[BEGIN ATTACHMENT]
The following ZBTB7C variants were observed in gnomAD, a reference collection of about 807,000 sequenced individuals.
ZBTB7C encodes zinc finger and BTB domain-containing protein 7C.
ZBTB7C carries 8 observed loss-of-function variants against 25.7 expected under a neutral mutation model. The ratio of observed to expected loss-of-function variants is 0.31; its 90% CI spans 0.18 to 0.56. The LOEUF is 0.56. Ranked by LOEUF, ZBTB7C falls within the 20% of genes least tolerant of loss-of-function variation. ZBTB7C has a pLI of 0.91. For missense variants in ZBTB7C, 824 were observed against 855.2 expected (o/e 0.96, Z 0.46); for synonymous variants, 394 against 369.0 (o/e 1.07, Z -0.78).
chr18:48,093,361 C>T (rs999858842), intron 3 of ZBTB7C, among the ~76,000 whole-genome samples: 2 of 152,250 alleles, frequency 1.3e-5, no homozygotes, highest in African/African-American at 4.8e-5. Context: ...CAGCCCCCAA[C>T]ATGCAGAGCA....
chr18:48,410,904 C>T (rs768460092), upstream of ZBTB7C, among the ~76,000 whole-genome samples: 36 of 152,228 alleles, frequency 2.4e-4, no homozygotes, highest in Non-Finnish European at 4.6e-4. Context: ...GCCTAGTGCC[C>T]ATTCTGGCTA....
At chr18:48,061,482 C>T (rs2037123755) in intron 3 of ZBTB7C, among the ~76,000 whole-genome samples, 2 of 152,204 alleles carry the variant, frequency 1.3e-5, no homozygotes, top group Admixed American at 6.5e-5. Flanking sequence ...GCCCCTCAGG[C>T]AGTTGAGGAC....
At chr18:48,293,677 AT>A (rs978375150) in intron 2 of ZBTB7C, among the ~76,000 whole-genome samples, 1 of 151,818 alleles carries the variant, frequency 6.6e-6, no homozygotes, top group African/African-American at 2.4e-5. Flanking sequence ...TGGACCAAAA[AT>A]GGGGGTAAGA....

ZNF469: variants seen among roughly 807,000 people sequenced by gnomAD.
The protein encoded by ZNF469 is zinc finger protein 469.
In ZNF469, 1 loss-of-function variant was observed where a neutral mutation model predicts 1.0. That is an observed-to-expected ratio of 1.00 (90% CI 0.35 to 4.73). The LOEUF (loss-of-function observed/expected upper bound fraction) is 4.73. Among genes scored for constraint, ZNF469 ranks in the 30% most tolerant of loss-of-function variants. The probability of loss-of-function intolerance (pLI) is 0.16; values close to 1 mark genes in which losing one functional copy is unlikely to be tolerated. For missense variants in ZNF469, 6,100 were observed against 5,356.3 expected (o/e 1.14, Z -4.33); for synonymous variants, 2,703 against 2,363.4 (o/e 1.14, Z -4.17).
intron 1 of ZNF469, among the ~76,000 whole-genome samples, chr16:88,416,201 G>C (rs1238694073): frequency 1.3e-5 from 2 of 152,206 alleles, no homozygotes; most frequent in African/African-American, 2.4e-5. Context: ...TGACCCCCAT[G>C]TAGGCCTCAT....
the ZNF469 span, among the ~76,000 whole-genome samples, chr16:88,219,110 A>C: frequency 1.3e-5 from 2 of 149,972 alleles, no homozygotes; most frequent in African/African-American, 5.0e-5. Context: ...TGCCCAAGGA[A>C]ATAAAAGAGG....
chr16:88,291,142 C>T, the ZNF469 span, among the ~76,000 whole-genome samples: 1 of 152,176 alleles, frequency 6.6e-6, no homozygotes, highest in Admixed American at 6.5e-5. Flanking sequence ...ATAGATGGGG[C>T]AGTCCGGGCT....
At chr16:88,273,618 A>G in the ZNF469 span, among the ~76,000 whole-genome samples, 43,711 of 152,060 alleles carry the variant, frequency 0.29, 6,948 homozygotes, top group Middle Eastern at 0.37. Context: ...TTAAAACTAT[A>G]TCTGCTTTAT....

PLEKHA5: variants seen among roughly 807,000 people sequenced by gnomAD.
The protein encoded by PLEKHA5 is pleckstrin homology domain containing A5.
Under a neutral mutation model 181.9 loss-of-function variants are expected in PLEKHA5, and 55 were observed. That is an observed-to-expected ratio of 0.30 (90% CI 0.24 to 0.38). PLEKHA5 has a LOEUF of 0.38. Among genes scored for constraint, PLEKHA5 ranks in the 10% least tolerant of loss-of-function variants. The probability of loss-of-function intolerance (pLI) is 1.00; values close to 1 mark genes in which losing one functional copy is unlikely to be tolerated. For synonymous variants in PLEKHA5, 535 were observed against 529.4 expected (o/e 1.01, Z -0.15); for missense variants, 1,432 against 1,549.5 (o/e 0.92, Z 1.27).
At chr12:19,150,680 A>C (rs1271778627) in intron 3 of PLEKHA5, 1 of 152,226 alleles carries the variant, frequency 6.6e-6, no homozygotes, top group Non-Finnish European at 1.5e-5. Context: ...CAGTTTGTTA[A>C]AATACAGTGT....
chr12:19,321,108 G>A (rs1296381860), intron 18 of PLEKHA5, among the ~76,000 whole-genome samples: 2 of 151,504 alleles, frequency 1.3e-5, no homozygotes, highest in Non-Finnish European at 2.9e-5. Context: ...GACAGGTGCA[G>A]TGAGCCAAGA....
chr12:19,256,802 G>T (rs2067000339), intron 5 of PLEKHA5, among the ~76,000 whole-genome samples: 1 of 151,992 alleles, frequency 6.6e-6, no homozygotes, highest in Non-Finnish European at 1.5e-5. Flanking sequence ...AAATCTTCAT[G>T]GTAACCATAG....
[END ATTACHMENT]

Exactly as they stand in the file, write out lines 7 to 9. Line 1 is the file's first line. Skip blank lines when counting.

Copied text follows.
At chr18:48,293,677 AT>A (rs978375150) in intron 2 of ZBTB7C, among the ~76,000 whole-genome samples, 1 of 151,818 alleles carries the variant, frequency 6.6e-6, no homozygotes, top group African/African-American at 2.4e-5. Flanking sequence ...TGGACCAAAA[AT>A]GGGGGTAAGA....

ZNF469: variants seen among roughly 807,000 people sequenced by gnomAD.
The protein encoded by ZNF469 is zinc finger protein 469.